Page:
Tuesday Tips: My Point of View on Point of View

This Tuesday’s Tip comes at the request of a reader.

home-office“How do you choose point of view? I am trying to write for the first time. For some reason I am at a battle between 1st and 3rd. I would really enjoy hearing your thoughts on this process.”

POV is a great place to start!

[dropcap]F[/dropcap]irst, let’s get a basic understanding of POV so we’re all on the same page. 

There are 3 basic points of view: 1st Person, 2nd Person, and 3rd Person. There is also omniscient POV, which we’ll briefly touch on, but I’ve never met an editor that allowed that POV. Keep in mind, this is my blog so this is my opinion. Every author has their own style and some of the bestselling books have broken all the rules.

First Person

eyesA budding author should know, upfront, this one is hard to sell. 1st person POV is written in the narrator’s perspective. This occurs by using the pronoun “I”. “I” is a tricky little bugger, more so than “She” or “He”. My first novel was written in 1st person, but many small presses will not even consider 1st person, so I never published it. Rewriting it in a different POV was simply too daunting a task at that stage of my career, so in a drawer it sits. However, some very popular books (True Blood and Twilight ) were written in first person. I personally think larger New York publishers are more flexible when it comes to 1st person POV, but it really depends on the editor and your story.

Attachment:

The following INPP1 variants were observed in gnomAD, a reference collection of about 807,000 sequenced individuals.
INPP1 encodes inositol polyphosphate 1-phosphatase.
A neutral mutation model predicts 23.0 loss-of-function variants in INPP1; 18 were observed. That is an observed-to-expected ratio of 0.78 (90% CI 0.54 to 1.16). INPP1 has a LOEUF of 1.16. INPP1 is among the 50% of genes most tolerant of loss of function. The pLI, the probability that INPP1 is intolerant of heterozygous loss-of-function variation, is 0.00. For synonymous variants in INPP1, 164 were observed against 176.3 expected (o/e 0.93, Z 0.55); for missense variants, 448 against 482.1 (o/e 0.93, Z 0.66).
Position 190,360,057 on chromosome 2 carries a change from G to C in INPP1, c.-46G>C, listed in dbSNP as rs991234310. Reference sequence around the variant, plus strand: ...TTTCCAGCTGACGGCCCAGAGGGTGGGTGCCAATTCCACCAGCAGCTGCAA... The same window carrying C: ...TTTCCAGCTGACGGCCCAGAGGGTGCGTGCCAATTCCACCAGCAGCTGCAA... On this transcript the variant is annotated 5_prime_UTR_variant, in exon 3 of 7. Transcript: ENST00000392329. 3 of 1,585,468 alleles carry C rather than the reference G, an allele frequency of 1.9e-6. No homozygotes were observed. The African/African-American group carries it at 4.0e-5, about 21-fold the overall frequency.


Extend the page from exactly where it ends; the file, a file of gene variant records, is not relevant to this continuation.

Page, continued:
[pullquote-left]Little known fact… The Surrender Trilogy was originally written in 1st Person. It took me two months to rewrite the first book into 3rd Person. It was also originally called The Hooked Trilogy and that original version still exists on my computer under the title: HEROINe {Hooked 1}.[/pullquote-left]

Second Person

2nd Person is rarely used in fiction, especially romance, to my knowledge. This is a style that includes the reader by using “you”, pointingbut not as in dialogue when a character might refer to another character as “you”. This style speaks directly to the reader as if the author is giving instructions or a play by play. (Example: You will see, the more you practice one point of view the more natural it will become for you.) Imagine that in a romance novel…it would read like an instructional Cosmo article. (He put his what on my where?!?) 

There are rare cases “you” slips in to a 3rd Person novel, but that’s a rule breaker. The author has to be sly in order to make this work. Most times the editors prefer the author to use the word “one” (Example: There is a moment in life when you one knows for a fact you’re they’re getting older.)

My suggestion to any budding author is to steer clear of 2nd Person.